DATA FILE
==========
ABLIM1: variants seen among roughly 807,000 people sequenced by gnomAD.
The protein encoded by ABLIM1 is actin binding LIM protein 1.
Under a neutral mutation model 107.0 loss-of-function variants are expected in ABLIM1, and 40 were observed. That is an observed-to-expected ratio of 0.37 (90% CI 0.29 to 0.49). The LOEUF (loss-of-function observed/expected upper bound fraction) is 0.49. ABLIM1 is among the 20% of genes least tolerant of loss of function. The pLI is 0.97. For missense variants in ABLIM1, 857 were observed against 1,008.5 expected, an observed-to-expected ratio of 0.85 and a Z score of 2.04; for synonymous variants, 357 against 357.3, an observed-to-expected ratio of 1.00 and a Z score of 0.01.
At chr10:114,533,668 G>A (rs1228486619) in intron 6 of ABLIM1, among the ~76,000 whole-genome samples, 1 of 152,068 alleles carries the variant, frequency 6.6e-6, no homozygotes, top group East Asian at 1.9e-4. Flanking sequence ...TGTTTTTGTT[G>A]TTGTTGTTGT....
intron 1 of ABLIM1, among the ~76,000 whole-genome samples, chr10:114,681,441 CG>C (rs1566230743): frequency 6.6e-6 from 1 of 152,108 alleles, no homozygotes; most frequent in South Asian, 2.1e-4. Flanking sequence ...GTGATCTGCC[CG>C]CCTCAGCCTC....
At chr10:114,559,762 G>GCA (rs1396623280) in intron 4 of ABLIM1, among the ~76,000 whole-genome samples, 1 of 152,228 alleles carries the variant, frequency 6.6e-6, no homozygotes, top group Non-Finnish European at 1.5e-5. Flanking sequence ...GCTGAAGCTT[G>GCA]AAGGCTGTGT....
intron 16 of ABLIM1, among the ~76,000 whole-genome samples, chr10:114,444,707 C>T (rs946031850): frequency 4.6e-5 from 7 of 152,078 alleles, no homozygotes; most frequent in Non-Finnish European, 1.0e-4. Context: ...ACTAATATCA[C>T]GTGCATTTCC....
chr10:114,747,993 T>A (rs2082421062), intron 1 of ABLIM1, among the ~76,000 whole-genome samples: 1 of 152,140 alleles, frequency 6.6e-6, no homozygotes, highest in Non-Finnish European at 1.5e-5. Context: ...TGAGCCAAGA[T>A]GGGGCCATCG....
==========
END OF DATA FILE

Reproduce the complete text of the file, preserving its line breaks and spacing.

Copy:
ABLIM1: variants seen among roughly 807,000 people sequenced by gnomAD.
The protein encoded by ABLIM1 is actin binding LIM protein 1.
Under a neutral mutation model 107.0 loss-of-function variants are expected in ABLIM1, and 40 were observed. That is an observed-to-expected ratio of 0.37 (90% CI 0.29 to 0.49). The LOEUF (loss-of-function observed/expected upper bound fraction) is 0.49. ABLIM1 is among the 20% of genes least tolerant of loss of function. The pLI is 0.97. For missense variants in ABLIM1, 857 were observed against 1,008.5 expected, an observed-to-expected ratio of 0.85 and a Z score of 2.04; for synonymous variants, 357 against 357.3, an observed-to-expected ratio of 1.00 and a Z score of 0.01.
At chr10:114,533,668 G>A (rs1228486619) in intron 6 of ABLIM1, among the ~76,000 whole-genome samples, 1 of 152,068 alleles carries the variant, frequency 6.6e-6, no homozygotes, top group East Asian at 1.9e-4. Flanking sequence ...TGTTTTTGTT[G>A]TTGTTGTTGT....
intron 1 of ABLIM1, among the ~76,000 whole-genome samples, chr10:114,681,441 CG>C (rs1566230743): frequency 6.6e-6 from 1 of 152,108 alleles, no homozygotes; most frequent in South Asian, 2.1e-4. Flanking sequence ...GTGATCTGCC[CG>C]CCTCAGCCTC....
At chr10:114,559,762 G>GCA (rs1396623280) in intron 4 of ABLIM1, among the ~76,000 whole-genome samples, 1 of 152,228 alleles carries the variant, frequency 6.6e-6, no homozygotes, top group Non-Finnish European at 1.5e-5. Flanking sequence ...GCTGAAGCTT[G>GCA]AAGGCTGTGT....
intron 16 of ABLIM1, among the ~76,000 whole-genome samples, chr10:114,444,707 C>T (rs946031850): frequency 4.6e-5 from 7 of 152,078 alleles, no homozygotes; most frequent in Non-Finnish European, 1.0e-4. Context: ...ACTAATATCA[C>T]GTGCATTTCC....
chr10:114,747,993 T>A (rs2082421062), intron 1 of ABLIM1, among the ~76,000 whole-genome samples: 1 of 152,140 alleles, frequency 6.6e-6, no homozygotes, highest in Non-Finnish European at 1.5e-5. Context: ...TGAGCCAAGA[T>A]GGGGCCATCG....